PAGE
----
Thursday, 10 March 2011

I wish I could find the letter

I once wrote to our national newspaper in defence of special schools. Yes, I defend their existence and with good reason.
I know that "mainstreaming" is "in" and I know all the arguments given in favour of the trend but I will defend the existence of special schools.
Let me explain. I have worked in four special schools, in two as a "volunteer" and in two more as a teacher. I do know something about them - from both the outside and the inside. One of them in particular was an outstanding example of what can be done when you get an excellent education.
The school in question was for children with cerebral palsy. It was not run by the government but by a charity. The children were taken in at a very early age, assessed and then given the necessary physiotherapy, occupational therapy, speech therapy and specialised teaching to become as independent as possible. There were also high expectations in respect of their social skills, thought for others and an awareness of the world around them.
I have known some of those students for more than forty years. All but one of them ended up a success in their own way. That is a remarkable record.
Not all the students were an academic success. That is only to be expected given the nature of their disability. Despite that I believe that all the students achieved their potential academic ability. One of them gained a doctorate (in pure mathematics), there were three more with good degrees and a number more with TAFE (technical and further education) qualifications. Many of them have held down good jobs in the community. A few went to sheltered workshops but did well there as they were regarded as leaders, at least by example. They have married, had children, been active in the community, politics and the arts. One went into the ministry.
It was a school with a remarkable record. Many of the old scholars still get together annually and I am always invited to attend.
"Mainstreaming" has been discussed at length by the old scholars of this school. It was particularly discussed at the last reunion.
The school was taken over by the Education Department about twenty years ago. The nature of it changed almost immediately. Therapy was cut out and parents were made responsible for seeing it was provided after school hours. The children considered to be the most academically able were "mainstreamed" first. They were placed in regular classrooms with no specialist teaching support but a little extra classroom teacher aide time. Then some more of the less able children were gradually mainstreamed as well. Depending on their location they were sometimes given a little extra tuition each week. The least able children (and others with severe behavioural issues) were retained in the special school. The school was not the same sort of place that it had been but the Education Department took no responsibility for the less desirable outcomes. They simply said that "these are the sort of children they are".
Last year they closed the school altogether. It no longer exists. The highly desirable piece of real estate it sits on is to be "developed".
There are plans to close other special schools as well. There are very few left. Three I know are run by charities, one is run by the Education Department within a charity. There is pressure to close these as well, despite the fact that they handle some of the most challenging children. There are now some children who are not attending school because there is no school for them to attend. No school can cater for their very special needs. They are officially being "home-schooled."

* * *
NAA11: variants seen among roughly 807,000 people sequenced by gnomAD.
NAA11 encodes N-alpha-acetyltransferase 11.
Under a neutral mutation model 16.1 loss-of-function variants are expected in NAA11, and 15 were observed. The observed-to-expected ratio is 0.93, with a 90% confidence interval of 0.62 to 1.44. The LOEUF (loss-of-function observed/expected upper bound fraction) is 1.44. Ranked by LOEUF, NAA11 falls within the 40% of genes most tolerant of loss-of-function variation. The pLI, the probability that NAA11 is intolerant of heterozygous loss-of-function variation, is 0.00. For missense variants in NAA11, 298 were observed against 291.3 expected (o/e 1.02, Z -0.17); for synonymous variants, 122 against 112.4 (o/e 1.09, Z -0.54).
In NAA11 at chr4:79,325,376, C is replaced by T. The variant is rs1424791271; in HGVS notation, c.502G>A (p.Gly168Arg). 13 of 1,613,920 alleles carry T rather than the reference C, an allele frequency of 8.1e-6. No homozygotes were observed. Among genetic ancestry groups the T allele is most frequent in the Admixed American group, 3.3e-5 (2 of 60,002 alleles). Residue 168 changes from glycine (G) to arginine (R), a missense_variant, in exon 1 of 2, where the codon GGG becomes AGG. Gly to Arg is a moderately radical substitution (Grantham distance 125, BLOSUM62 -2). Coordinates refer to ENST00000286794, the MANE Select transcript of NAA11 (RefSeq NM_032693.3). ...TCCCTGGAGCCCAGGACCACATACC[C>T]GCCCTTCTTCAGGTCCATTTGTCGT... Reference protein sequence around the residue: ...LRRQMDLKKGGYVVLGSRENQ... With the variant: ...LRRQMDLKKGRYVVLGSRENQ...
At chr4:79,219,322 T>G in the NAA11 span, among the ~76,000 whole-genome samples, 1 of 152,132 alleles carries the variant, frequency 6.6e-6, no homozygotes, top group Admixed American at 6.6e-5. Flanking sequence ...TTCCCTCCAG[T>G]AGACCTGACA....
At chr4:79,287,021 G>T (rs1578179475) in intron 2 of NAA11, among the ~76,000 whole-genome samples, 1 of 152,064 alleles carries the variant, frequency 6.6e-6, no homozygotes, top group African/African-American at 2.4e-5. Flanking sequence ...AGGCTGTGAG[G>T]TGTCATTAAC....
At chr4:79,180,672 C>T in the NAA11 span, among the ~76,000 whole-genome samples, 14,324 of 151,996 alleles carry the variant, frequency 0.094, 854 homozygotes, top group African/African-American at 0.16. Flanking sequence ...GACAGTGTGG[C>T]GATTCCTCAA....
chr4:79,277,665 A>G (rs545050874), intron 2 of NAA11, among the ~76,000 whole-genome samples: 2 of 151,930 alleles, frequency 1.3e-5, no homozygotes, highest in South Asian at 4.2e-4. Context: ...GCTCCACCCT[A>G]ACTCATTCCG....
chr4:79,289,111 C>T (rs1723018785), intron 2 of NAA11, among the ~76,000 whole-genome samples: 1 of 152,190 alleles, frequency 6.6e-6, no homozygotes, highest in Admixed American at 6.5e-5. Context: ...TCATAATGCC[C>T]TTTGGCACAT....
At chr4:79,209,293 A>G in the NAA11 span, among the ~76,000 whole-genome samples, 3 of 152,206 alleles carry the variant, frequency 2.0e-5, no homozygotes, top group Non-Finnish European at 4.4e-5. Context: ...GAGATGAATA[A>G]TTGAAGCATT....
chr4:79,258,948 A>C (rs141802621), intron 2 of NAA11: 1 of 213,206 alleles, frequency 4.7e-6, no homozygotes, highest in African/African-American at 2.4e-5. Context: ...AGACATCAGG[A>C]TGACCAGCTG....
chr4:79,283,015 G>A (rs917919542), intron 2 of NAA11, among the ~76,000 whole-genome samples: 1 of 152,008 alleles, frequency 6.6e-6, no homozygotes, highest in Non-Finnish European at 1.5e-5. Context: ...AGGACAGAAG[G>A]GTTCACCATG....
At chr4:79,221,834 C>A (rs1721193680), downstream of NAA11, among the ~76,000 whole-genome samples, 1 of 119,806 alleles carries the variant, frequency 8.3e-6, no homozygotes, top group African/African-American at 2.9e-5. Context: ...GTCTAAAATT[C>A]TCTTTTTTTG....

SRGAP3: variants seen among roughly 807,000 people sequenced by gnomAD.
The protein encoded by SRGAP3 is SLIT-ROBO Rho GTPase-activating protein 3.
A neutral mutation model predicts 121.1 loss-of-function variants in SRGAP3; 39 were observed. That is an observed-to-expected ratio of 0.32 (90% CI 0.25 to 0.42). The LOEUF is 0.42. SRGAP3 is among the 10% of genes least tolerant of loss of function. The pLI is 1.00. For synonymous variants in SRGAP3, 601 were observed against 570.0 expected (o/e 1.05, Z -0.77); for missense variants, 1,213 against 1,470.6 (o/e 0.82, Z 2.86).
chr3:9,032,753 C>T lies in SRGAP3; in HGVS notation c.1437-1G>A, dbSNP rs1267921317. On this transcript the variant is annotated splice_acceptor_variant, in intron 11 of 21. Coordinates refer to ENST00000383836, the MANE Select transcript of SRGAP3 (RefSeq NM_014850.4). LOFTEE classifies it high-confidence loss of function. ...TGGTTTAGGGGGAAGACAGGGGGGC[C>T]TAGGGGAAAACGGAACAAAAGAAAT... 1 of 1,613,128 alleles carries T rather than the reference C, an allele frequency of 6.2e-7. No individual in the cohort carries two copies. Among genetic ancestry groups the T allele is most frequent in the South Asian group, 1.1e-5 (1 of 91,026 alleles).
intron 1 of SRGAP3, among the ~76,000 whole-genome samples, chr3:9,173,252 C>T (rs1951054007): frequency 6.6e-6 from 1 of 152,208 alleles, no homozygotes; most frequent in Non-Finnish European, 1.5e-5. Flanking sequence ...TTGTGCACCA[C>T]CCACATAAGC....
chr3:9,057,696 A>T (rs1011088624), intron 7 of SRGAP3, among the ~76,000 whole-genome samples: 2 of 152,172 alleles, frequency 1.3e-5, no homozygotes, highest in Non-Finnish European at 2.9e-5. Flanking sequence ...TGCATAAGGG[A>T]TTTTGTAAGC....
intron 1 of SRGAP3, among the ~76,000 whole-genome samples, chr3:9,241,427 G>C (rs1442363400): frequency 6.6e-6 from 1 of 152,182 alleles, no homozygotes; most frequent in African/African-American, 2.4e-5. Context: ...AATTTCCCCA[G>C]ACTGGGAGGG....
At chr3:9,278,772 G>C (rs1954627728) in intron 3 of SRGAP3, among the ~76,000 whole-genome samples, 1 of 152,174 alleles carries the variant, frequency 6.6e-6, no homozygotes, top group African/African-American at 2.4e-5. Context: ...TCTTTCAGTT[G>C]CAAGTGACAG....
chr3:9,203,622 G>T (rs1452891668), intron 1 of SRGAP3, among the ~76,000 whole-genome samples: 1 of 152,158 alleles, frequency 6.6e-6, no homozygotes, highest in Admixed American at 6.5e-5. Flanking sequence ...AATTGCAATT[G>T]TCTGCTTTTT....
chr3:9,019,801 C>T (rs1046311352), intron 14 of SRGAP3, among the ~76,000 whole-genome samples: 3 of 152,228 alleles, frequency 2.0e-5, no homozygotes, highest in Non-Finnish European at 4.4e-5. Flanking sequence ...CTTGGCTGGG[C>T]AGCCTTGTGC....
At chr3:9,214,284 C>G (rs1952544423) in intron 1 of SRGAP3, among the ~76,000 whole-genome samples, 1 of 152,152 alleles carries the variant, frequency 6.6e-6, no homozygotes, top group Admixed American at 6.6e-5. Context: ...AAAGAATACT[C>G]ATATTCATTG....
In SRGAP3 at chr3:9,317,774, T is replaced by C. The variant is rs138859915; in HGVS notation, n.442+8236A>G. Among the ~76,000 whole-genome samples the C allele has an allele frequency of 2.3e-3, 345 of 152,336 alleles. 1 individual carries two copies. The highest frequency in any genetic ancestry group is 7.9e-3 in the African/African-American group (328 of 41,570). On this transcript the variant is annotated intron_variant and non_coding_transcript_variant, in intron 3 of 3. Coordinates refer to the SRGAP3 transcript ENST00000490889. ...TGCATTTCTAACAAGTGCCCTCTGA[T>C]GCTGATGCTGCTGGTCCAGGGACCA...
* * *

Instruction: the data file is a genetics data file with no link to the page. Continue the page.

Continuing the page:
Our "Equal Opportunity" legislation makes it impossible to provide the sort of education once given by the remarkable school I knew so well. The former students are still proud of their school. They feel no "stigma" was attached to attending it and that the education they received there was far superior to the one that many of the young people they now attempt to mentor are receiving.
One of the former students once told me, "It was a good school, a very good school. More was demanded of us. We were not special here."
I think he may have been right. Good special schooling does not allow you to be special.
So, to those of you in the UK who are worrying about the directions being taken, I say fight for your remaining special schools. If they are good then they can help a child feel quite normal.


Rachel Fenton said...

I agree with your argument here, Cat. Really well put.

Anonymous said...

Cost cutting and mainstreaming at it worst.

In my never humble opinion the carers of special needs children who have no school to attend should be paid not only as full time carers, with penalty rates for weekends and night shifts, with a teachers salary added ... along with full payment for any other duties they are expected to carry out.

Judy B

Anonymous said...

Could not agree more - one of the children in my son's class is in a wheelchair and his speech is almost impossible to understand.
He should be getting physio and speech therapy but his parents are not taking him.
The other children will not talk to him because they do not understand his replies. He gets some help to go to the toilet and one of the teacher aides is supposed to help him in the classroom but the teacher uses her for other things so he is just sitting there.
He is a nice kid. Very polite and, I think, intelligent - but he is obviously miserable. I could weep for him.

catdownunder said...

Thanks for the support. I am usually told I am wrong when I argue this way. Would it be different with a lot of funding and support? I rather doubt it would solve ALL the problems.

Katherine Langrish said...

Well argued and convincing, Cat - why oh why don't those in charge listen to the people who've experienced these things?

catdownunder said...

I suspect the bottom line is "money". It costs less.